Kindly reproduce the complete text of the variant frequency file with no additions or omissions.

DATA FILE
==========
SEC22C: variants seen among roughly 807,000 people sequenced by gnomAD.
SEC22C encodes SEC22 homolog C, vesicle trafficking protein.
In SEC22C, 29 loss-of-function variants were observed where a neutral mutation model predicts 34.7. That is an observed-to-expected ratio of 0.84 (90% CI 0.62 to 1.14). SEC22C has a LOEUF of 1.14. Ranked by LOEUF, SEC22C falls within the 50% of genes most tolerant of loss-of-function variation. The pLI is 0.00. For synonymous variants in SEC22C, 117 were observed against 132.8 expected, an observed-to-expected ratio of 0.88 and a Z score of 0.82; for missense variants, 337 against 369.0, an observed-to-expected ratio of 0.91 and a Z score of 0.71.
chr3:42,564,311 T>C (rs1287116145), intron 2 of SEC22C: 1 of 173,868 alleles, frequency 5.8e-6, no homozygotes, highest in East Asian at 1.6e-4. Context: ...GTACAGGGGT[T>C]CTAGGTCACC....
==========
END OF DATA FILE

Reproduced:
SEC22C: variants seen among roughly 807,000 people sequenced by gnomAD.
SEC22C encodes SEC22 homolog C, vesicle trafficking protein.
In SEC22C, 29 loss-of-function variants were observed where a neutral mutation model predicts 34.7. That is an observed-to-expected ratio of 0.84 (90% CI 0.62 to 1.14). SEC22C has a LOEUF of 1.14. Ranked by LOEUF, SEC22C falls within the 50% of genes most tolerant of loss-of-function variation. The pLI is 0.00. For synonymous variants in SEC22C, 117 were observed against 132.8 expected, an observed-to-expected ratio of 0.88 and a Z score of 0.82; for missense variants, 337 against 369.0, an observed-to-expected ratio of 0.91 and a Z score of 0.71.
chr3:42,564,311 T>C (rs1287116145), intron 2 of SEC22C: 1 of 173,868 alleles, frequency 5.8e-6, no homozygotes, highest in East Asian at 1.6e-4. Context: ...GTACAGGGGT[T>C]CTAGGTCACC....